Even in the aftermath of last year's merger with U.S. Robotics, which gave the Santa Clara, California-based networking firm another $2 billion in annual revenue muscle, industry pundits and competitors continue to minimize the company's role in large corporate accounts--a key market segment that has proven to be one of the most lucrative in the high-tech industry.
To counteract a perception that is several parts fact and some parts fiction, 3Com executives are attempting to sway the market with current and future products that are intended to offer a next-generation "intelligent" network layout for administrators and users, incorporating lower-cost equipment and a variety of software tools.
The largest networking firm, Cisco Systems (CSCO), continues to be the unquestioned leader in providing equipment to large corporate layouts, based on its enormous installed base of routing devices and popular switching products. But rivals like 3Com, Ascend Communications, Bay Networks, and Cabletron Systems continue to nip at its heels, hammering at what they call Cisco's "outdated" or "legacy" approach to building networks.
Cisco's routing technology has basically been installed as the "backbone" equipment that speeds packets across the vast Net infrastructure. The previously named opponents, as well as a slew of start-ups, are trying to unseat the networking kingpin by providing equipment that offers more speed for less cost, since routers have historically been sold at a premium.
"Cisco has incredible incumbency on the Internet," Ron Sege, vice president of marketing for 3Com's enterprise business unit, admitted in a recent interview. "Their basic proposition is, 'We built the Internet; let us build your intranet.'
"The problem is Cisco will have a first-generation network in a next generation world," he said.
3Com is positioning its come-from-behind strategy for large corporate networks as a case of new technology outdoing old technology. Sege equates his company's position to that of Digital Equipment in the 1970s, when that computer systems giant developed a minicomputer that outperformed mainframes from IBM for less cost.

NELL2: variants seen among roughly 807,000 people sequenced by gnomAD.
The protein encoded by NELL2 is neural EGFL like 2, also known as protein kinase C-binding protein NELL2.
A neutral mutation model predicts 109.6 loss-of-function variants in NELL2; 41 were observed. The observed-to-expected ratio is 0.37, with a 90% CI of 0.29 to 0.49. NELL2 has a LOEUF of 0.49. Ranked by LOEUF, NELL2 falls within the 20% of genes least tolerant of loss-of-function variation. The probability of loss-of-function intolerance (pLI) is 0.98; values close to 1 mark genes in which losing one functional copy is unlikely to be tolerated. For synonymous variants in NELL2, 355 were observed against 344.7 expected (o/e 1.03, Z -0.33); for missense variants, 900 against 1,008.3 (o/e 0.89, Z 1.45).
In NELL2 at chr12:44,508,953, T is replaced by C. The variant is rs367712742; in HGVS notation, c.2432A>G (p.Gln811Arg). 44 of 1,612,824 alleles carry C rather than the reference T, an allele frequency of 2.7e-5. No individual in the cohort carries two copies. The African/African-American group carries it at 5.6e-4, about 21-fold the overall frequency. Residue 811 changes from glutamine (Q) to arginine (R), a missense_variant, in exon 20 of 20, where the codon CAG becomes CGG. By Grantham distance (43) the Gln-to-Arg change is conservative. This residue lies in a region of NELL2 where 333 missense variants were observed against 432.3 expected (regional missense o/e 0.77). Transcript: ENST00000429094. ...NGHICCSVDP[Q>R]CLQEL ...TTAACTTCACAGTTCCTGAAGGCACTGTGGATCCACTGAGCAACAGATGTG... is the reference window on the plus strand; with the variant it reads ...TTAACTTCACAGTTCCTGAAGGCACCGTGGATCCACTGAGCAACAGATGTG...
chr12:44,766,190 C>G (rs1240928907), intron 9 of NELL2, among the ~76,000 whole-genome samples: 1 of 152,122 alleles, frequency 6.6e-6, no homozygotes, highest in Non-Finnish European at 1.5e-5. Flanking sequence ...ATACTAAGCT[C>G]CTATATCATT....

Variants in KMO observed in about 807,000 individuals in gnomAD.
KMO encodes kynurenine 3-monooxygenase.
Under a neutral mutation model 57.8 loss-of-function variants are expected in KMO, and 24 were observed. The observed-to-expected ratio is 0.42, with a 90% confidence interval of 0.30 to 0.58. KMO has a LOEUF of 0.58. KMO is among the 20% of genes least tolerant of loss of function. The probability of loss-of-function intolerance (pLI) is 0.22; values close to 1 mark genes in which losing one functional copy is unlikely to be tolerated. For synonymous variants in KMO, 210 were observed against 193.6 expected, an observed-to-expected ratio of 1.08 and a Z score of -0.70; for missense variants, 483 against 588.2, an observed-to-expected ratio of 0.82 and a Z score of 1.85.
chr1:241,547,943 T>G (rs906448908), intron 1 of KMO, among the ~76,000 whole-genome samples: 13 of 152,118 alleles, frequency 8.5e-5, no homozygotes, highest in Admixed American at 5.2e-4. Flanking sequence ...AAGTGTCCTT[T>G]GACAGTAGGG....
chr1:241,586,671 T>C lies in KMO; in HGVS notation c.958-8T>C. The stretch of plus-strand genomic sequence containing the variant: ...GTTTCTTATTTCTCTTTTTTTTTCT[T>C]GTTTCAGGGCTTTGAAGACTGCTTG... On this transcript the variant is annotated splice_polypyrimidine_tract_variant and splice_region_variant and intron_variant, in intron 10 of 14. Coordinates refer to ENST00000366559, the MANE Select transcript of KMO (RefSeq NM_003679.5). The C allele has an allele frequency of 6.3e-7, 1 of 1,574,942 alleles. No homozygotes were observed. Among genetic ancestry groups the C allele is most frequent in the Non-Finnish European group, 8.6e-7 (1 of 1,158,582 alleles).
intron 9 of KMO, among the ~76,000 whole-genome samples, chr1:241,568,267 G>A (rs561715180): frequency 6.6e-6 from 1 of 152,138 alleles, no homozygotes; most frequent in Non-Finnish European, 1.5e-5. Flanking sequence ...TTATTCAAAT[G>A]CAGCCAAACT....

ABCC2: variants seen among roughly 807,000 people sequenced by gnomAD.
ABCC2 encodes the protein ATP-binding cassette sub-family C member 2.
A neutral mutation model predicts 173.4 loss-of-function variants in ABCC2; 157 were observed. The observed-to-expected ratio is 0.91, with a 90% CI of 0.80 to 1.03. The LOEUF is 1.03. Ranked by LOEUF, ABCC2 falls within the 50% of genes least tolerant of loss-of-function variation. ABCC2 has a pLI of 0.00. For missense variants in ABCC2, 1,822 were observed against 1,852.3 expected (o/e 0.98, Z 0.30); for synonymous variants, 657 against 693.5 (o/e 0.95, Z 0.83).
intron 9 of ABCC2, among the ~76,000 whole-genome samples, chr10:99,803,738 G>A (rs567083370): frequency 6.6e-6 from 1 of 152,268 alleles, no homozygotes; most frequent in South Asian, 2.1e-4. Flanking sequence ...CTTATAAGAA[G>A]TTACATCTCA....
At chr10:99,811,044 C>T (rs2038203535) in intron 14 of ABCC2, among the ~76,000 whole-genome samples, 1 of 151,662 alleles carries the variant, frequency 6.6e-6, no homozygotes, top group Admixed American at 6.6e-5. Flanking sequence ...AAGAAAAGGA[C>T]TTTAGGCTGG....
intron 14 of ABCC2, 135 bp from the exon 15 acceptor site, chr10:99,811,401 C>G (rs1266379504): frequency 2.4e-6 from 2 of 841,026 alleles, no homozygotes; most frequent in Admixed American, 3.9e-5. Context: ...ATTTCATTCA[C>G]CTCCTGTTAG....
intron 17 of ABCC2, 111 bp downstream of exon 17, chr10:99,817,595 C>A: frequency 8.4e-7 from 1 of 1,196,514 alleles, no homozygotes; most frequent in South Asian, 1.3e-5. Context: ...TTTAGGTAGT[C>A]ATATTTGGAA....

The networking firm already plays a large role in many networks, due to the prevalence of its low-end equipment in local networks, such as departments, workgroups, and branch offices. Yet in some people's minds, that dominance in what is sometimes called the network "edge" has not yet translated into a plethora of account victories in the network "core," where the money and margins are huge, and where Cisco dominates.
That is not to say that 3Com is a pushover. The total networking market reached $6.7 billion for the fourth quarter of 1997, according to market researcher In-Stat. Of the total, Cisco garnered 25.9 percent of that business while 3Com gained 16.7 percent of sales--second among the large networking firms, according to the industry consultant.
Fred McClimans, CEO of Current Analysis, said "3Com is in a position where they have a lot of equipment in the enterprise."
But he noted that most of the gear it claims as part of this enterprise presence is likely related to small and medium-sized network edge devices and the remote access equipment recently acquired from U.S. Robotics.
McClimans also said that the firm gains 55 to 60 percent of its revenue from remote access devices, modems, and networking cards, making its enterprise presence debatable. "I think they've got a little bit of work to do in that area," he added.
That work could translate into higher profits for a firm that continues to deal with inventory issues and the residue from last year's U.S. Robotics merger. The company's stock is currently hovering in the mid-30s after hitting a 52-week low of $24. That's a far cry from the $50 to $60 range the company flirted with last summer.